Return to article »

Latest Interviews

IDEA Labs: Medical Students Take The Lead In Healthcare Innovation

It’s no secret that doctors are disappointed with the way that the U.S. healthcare system is evolving. Most feel helpless about improving their work conditions or solving technical problems in patient care. Fortunately one young medical student was undeterred by the mountain of disappointment carried by his senior clinician mentors…

Read more »

How To Be A Successful Patient: Young Doctors Offer Some Advice

I am proud to be a part of the American Resident Project an initiative that promotes the writing of medical students residents and new physicians as they explore ideas for transforming American health care delivery. I recently had the opportunity to interview three of the writing fellows about how to…

Read more »

See all interviews »

Latest Cartoon

See all cartoons »

Latest Book Reviews

Book Review: Is Empathy Learned By Faking It Till It’s Real?

I m often asked to do book reviews on my blog and I rarely agree to them. This is because it takes me a long time to read a book and then if I don t enjoy it I figure the author would rather me remain silent than publish my…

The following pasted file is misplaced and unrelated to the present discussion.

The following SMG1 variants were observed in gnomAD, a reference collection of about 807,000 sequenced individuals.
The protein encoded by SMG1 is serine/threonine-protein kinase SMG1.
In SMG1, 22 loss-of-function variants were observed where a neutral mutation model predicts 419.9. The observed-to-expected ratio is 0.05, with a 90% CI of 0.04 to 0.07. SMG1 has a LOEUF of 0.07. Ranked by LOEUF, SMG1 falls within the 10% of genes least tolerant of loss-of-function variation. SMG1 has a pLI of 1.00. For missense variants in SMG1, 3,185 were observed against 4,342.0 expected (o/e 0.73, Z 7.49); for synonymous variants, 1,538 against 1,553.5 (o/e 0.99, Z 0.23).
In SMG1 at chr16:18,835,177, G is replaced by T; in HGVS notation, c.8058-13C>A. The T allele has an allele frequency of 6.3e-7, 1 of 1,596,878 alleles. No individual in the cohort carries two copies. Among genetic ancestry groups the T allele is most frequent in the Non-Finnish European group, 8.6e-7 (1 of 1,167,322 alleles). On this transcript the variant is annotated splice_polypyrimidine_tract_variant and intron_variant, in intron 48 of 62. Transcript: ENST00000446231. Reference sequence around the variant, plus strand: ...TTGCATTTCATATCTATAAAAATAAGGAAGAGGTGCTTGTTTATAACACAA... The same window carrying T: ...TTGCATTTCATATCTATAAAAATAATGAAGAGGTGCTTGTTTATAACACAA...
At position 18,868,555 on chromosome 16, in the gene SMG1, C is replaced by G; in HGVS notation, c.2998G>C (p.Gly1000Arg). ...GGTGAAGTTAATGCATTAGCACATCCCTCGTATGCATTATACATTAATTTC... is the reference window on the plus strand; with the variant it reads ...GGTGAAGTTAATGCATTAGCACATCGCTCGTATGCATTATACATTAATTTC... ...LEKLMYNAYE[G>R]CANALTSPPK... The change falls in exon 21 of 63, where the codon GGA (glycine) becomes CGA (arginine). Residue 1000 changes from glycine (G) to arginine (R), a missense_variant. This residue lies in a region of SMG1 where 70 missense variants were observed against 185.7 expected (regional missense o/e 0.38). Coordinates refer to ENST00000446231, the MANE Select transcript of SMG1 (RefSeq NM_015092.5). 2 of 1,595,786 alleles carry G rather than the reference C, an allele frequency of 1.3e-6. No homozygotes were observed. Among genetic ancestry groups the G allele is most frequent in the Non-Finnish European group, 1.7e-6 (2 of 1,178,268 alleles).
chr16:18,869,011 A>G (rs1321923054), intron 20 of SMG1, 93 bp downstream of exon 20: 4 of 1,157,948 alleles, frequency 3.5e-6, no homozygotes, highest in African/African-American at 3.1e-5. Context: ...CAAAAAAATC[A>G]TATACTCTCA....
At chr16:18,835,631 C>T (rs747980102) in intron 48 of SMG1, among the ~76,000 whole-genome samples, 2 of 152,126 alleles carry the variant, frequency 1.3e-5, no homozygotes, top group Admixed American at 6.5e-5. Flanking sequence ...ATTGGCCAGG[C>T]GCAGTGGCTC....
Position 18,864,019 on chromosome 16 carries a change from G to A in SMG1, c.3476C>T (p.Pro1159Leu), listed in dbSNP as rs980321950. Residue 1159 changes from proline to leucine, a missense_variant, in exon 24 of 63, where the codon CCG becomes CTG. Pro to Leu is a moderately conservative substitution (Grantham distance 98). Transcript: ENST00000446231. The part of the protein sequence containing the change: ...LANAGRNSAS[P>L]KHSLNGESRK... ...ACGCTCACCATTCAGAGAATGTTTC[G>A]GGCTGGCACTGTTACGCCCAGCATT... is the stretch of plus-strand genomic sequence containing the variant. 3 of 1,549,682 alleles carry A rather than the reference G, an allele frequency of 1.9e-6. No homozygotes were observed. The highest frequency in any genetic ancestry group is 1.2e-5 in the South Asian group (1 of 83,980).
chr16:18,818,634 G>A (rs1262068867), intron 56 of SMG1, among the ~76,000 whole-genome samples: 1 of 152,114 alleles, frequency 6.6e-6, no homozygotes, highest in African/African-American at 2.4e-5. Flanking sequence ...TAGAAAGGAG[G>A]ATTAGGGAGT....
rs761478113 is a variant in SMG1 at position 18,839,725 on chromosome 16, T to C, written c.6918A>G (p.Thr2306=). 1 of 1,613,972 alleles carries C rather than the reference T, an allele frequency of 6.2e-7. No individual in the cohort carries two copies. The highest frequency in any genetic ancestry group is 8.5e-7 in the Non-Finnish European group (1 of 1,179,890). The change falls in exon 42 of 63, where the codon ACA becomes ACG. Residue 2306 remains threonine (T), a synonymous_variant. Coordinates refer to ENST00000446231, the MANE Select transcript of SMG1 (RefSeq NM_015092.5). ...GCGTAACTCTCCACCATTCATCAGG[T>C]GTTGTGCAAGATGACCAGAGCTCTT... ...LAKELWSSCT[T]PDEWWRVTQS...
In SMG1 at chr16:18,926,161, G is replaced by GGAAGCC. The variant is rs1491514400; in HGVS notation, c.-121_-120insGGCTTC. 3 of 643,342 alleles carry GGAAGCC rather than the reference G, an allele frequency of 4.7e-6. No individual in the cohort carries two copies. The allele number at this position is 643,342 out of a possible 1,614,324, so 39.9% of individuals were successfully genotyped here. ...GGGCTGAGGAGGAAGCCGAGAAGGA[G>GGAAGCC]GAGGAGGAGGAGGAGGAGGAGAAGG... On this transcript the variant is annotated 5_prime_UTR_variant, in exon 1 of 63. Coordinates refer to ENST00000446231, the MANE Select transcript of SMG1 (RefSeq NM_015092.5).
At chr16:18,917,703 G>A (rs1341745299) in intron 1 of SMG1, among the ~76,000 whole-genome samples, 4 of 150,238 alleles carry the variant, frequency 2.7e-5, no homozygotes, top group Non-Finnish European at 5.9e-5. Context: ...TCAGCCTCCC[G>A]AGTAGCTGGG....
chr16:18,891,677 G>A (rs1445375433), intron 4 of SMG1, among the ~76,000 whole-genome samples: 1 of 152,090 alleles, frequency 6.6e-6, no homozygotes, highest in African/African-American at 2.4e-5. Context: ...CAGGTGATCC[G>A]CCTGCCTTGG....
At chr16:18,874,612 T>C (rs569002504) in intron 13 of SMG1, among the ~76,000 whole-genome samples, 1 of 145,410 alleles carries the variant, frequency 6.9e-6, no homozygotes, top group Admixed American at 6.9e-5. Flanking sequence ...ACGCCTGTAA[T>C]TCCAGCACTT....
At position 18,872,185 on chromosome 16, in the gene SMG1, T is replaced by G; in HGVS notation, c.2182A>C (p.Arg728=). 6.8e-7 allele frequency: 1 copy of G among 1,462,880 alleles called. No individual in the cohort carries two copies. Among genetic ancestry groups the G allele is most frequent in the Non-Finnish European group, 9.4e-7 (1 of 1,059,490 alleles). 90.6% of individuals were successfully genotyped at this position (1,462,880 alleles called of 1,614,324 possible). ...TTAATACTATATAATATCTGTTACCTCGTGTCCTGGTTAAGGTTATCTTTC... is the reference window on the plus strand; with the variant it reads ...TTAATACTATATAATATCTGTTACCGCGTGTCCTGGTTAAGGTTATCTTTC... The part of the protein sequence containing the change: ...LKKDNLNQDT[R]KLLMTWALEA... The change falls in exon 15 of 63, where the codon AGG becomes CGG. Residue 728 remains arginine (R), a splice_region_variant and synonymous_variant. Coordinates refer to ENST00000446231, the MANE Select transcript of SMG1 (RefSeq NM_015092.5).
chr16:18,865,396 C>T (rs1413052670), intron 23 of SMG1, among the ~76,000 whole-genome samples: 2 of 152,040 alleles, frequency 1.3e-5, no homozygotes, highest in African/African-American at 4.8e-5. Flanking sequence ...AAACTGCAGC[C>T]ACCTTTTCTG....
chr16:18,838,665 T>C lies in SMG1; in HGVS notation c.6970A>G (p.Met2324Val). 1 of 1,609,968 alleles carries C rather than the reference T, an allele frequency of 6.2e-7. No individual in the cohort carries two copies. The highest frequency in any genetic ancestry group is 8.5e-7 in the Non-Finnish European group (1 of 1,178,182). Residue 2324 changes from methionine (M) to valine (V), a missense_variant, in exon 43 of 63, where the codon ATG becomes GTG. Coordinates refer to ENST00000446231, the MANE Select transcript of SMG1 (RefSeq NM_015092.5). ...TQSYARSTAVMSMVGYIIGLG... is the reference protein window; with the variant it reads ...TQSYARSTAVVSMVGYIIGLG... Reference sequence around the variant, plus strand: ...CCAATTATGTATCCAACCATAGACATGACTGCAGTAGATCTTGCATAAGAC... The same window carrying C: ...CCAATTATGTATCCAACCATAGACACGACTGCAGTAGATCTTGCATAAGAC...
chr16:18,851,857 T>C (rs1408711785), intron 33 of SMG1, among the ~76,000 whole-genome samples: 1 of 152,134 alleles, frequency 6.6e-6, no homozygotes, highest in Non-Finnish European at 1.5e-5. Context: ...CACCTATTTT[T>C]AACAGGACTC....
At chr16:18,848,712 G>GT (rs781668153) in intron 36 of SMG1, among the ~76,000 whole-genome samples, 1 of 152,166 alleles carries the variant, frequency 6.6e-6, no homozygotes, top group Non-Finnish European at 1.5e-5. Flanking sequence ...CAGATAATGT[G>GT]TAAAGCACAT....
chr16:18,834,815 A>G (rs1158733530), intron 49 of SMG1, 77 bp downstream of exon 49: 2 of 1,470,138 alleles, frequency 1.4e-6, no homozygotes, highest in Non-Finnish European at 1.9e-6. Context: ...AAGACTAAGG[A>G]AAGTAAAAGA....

Read more »

The Spirit Of The Place: Samuel Shem’s New Book May Depress You

When I was in medical school I read Samuel Shem s House Of God as a right of passage. At the time I found it to be a cynical yet eerily accurate portrayal of the underbelly of academic medicine. I gained comfort from its gallows humor and it made me…

Read more »

Eat To Save Your Life: Another Half-True Diet Book

I am hesitant to review diet books because they are so often a tangled mess of fact and fiction. Teasing out their truth from falsehood is about as exhausting as delousing a long-haired elementary school student. However after being approached by the authors’ PR agency with the promise of a…

Read more »

See all book reviews »

Commented - Most Popular Articles